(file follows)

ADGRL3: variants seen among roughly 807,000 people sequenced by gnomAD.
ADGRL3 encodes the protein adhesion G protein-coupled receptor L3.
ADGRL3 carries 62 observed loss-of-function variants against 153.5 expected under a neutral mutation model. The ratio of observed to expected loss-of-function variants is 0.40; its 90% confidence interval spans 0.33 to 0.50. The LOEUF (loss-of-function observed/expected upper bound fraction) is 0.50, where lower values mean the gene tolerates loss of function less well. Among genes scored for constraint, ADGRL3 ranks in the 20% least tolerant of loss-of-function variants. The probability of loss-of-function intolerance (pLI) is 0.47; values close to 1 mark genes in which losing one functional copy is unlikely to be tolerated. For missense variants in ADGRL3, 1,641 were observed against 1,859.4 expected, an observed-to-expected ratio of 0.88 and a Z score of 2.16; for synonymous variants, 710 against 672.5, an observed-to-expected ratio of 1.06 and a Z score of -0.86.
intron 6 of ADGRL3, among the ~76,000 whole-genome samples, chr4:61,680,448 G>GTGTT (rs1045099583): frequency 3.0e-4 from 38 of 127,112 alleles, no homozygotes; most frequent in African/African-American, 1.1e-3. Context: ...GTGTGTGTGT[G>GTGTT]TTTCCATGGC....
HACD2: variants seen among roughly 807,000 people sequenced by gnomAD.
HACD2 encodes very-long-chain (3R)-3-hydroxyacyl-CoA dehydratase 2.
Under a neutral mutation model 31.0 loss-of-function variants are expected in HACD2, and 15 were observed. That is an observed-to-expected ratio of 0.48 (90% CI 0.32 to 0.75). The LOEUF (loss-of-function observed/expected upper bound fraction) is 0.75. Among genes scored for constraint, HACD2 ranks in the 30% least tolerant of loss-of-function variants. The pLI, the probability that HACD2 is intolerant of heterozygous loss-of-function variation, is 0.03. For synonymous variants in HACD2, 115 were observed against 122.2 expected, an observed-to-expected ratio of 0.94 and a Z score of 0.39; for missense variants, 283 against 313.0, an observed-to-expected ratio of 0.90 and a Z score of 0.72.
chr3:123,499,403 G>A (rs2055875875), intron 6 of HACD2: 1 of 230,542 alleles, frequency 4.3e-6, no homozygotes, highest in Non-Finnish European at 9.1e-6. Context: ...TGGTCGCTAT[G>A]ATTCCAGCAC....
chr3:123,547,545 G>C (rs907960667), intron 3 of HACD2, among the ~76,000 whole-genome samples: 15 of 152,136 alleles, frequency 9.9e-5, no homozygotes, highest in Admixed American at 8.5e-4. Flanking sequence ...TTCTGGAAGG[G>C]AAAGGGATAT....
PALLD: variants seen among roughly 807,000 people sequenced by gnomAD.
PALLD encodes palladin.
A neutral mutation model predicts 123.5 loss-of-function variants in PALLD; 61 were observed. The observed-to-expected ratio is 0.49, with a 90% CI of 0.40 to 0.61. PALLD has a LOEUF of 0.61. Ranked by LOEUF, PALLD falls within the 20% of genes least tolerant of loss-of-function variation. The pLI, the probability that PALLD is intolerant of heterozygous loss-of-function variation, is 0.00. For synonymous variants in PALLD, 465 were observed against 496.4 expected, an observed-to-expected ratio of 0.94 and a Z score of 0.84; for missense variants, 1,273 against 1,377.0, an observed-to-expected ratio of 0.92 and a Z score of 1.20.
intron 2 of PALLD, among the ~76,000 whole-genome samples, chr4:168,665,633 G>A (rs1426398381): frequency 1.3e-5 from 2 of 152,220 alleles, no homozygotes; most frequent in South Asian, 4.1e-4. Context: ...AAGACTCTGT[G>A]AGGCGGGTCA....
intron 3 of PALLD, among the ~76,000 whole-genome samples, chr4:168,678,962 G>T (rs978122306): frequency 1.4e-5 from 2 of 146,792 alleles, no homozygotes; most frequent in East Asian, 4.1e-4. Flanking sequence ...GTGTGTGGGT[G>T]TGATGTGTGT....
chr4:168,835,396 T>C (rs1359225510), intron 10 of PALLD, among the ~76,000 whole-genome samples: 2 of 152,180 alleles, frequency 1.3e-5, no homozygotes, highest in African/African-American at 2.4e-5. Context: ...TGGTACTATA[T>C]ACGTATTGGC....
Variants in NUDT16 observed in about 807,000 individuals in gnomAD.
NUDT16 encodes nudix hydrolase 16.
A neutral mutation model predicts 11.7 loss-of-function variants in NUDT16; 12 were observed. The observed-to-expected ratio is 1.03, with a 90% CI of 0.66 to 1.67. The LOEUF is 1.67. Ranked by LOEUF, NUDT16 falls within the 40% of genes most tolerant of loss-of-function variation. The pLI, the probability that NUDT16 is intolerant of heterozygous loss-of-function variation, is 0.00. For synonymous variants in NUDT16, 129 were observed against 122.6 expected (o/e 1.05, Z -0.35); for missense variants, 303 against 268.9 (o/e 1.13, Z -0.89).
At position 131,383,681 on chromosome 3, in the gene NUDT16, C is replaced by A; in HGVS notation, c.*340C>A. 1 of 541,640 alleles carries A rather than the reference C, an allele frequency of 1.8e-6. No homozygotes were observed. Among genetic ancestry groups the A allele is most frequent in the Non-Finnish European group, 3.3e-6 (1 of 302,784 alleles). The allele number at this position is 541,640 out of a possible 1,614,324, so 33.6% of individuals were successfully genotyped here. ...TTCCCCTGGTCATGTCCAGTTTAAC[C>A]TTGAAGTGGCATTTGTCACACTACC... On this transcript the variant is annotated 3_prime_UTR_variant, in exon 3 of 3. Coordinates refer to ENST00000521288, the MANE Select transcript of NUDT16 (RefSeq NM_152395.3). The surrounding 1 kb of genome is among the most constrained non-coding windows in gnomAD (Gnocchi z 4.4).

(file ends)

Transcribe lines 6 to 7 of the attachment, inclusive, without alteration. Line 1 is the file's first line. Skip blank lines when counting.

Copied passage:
HACD2 encodes very-long-chain (3R)-3-hydroxyacyl-CoA dehydratase 2.
Under a neutral mutation model 31.0 loss-of-function variants are expected in HACD2, and 15 were observed. That is an observed-to-expected ratio of 0.48 (90% CI 0.32 to 0.75). The LOEUF (loss-of-function observed/expected upper bound fraction) is 0.75. Among genes scored for constraint, HACD2 ranks in the 30% least tolerant of loss-of-function variants. The pLI, the probability that HACD2 is intolerant of heterozygous loss-of-function variation, is 0.03. For synonymous variants in HACD2, 115 were observed against 122.2 expected, an observed-to-expected ratio of 0.94 and a Z score of 0.39; for missense variants, 283 against 313.0, an observed-to-expected ratio of 0.90 and a Z score of 0.72.